This is post is not going to inspire you to live a more fulfilling life.
This post is not going to tell you what you can do to stay positive.
This post is not going to teach you how to bake a delicious new dessert.
Some days, even the most positive person in the world feels like it’s all a bunch of B.S.
This post IS going to tell you that it’s OK to feel that way. And that it’s OK to talk about it. Its happens. It doesn’t make us bad people. We shouldn’t be ashamed to talk about it. Or write about it. So that’s what I’m going to do today.
I have been running now for about 5 years. I was always into fitness, but I started running around the loop in this park which was within walking distance from where I used to live. I found myself slowly doing it more and more, and decided in 2011 to sign up for some official races. I ran two that year, and then in 2012 I ran about 10, and kept that up every year since. Last year, dare I even say I started to actually become a “good” runner. I set a new 5k PR at three consecutive races, and even won my age group, I set a new 10k PR, and I set a new half marathon PR, all within one calendar year.
I was running almost everyday, and had never been in better shape, so I decided that 2015 would be my year to run a full marathon. I carefully selected one based on time (October) and elevation (good for first time-marathoners) and registered for it in the spring, planning on training through the summer, starting right after I got back from my honeymoon.
On or about July 8th, I started my marathon training plan. The goal was to run 8 miles that day, adding one mile to my long run every week, up until two weeks prior to the marathon, when I would wind down until race day. Feeling good, I headed over to the park to begin.
Five miles in, and things were going really well – the run felt great, and I was keeping pretty good time. I knew I’d easily hit the 8 mile mark. At some point before mile 6, I felt a weird twitch or pop or something in my left ankle. I figured it was one of those annoying little running pains that come and go, so I kept on going, and it felt fine.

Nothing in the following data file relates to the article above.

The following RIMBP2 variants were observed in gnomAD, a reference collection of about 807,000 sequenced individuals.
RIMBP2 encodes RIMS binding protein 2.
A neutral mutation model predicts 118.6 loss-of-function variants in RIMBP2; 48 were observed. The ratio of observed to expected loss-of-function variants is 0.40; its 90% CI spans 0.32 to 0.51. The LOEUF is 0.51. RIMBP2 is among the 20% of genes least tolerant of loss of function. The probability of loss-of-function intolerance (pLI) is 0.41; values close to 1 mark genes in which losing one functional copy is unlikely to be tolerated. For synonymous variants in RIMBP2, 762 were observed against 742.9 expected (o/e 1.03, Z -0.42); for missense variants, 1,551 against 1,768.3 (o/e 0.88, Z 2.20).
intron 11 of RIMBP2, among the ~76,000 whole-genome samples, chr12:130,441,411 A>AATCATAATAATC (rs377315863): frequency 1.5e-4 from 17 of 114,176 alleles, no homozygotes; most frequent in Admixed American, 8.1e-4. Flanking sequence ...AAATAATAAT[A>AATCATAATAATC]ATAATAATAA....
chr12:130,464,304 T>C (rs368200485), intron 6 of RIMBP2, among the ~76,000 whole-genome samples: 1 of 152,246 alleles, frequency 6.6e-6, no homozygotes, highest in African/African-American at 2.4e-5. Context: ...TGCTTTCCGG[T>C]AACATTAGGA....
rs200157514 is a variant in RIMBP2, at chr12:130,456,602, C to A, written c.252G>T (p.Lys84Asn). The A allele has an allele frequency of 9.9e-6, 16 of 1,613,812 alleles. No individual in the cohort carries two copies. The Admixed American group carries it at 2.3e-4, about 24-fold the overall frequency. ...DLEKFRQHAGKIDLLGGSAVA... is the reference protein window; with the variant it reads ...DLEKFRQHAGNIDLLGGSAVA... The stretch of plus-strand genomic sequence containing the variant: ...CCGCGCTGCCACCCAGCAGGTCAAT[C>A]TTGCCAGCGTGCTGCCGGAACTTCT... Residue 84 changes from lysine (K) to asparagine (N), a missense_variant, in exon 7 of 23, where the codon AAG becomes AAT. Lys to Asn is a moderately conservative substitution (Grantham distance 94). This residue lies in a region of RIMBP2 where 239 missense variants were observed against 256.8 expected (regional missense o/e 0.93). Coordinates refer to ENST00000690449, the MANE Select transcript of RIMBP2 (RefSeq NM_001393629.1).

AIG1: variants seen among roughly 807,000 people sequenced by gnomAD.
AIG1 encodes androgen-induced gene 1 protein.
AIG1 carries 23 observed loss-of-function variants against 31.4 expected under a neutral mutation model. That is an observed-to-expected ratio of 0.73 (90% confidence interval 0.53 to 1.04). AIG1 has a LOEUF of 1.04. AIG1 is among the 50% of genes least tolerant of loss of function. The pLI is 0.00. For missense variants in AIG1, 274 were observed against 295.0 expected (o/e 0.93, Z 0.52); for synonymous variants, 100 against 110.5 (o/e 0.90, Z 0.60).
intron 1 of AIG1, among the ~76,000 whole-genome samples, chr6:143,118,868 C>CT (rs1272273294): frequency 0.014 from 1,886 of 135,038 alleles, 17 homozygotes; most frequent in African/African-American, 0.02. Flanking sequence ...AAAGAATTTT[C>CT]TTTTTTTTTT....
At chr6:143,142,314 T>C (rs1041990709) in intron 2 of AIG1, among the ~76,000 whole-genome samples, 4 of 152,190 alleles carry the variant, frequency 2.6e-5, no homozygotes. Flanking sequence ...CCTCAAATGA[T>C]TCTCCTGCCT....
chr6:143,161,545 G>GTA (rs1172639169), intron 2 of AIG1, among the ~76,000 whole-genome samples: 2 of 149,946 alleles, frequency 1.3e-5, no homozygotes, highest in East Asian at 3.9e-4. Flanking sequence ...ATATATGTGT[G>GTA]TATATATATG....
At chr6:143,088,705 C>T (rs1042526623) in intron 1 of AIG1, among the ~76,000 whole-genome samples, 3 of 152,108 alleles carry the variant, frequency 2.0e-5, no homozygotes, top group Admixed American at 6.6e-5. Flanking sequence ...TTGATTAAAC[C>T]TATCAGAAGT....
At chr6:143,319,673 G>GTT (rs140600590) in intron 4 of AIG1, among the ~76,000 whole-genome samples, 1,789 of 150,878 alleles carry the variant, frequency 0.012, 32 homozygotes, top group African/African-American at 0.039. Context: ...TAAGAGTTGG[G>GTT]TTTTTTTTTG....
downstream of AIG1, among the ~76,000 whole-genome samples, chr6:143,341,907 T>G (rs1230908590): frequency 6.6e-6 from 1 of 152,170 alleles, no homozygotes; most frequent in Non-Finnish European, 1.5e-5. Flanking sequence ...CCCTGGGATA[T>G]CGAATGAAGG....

The next day, it did not feel fine. It hurt. It hurt on the top and side of my foot. It hurt at the back of my heel. It especially hurt when I walked down the stairs. It did not hurt when I just stood still, and it did not hurt all that much when I walked a normal pace. It mainly hurt when walking down stairs as I mentioned, or when I pointed my toes, which was when it actually hurt the most. I assumed it was a sprain or strain. I feared it was a stress fracture, but a quick googling of that caused me to rule it out. So I went with sprain or strain.
I stopped running for the next week. It started to feel a little better, so I decided to go out for a short run.
I realized that was a bad idea. So I waited another week. It again started to feel a little better, so I tried a short run again.
I realized that again was a bad idea. At this point, I was starting to worry. What on earth could be wrong? It would start to feel better, then as soon I as did any kind of running, it started hurting all over again. I googled “pain walking down the stairs” and a bunch of results came up, all with one word in common: tendonitis.
“That’s not possible,” I thought. I’ve been running for years. Why and how would I suddenly get tendonitis??? After a couple more weeks of feeling better/running/feeling worse, I decided to see my doctor.
“You have tendonitis. I recommend not running on it, wearing a brace when you do start running again, and taking an anti-inflammatory. FOR THE REST OF YOUR LIFE.”
Ok, so I imagined that last part. But isn’t tendonitis forever? The doctor actually made it sound like it would heal, but the people I know who have it, have had it for pretty much ever. Did this mean I would never actually run again??? Honestly, I still don’t know. It’s been a little over two weeks now with not a single run at all (except to cross the street once), and it’s still not healed. Yesterday it felt great, so I decided to try a 25 minute long cardio workout, to get my sweat on. I’d been biking and swimming to try and make up for the lack or running, but I’m just not getting the same results a good run gives me, both physically and mentally. I was also afraid to go to yoga, but I’ve since bagged that fear, and found that yoga is the one thing that actually helps. Anyway, riding high on the positive effects of gentle yoga, I busted out the 25 minute cardio workout and felt great. It was tough, and it was sweaty. It challenged me physically and mentally.
“I can do this every day until I can run again!” I shouted to myself with joy.
An hour later, my ankle hurt almost as bad as it did the day of my initial doctor’s appointment. WTF.
Today, it hurts only slightly less.
Today, I woke up frustrated, devastated, and just plain sad.
Today, I’m starting to wonder if it really will ever heal. I’m starting to think that staying positive about it is a bunch of BS. But I’m still secretly hoping that maybe writing about it will help shake off some of the frustration.
Maybe it’s time to learn to dance.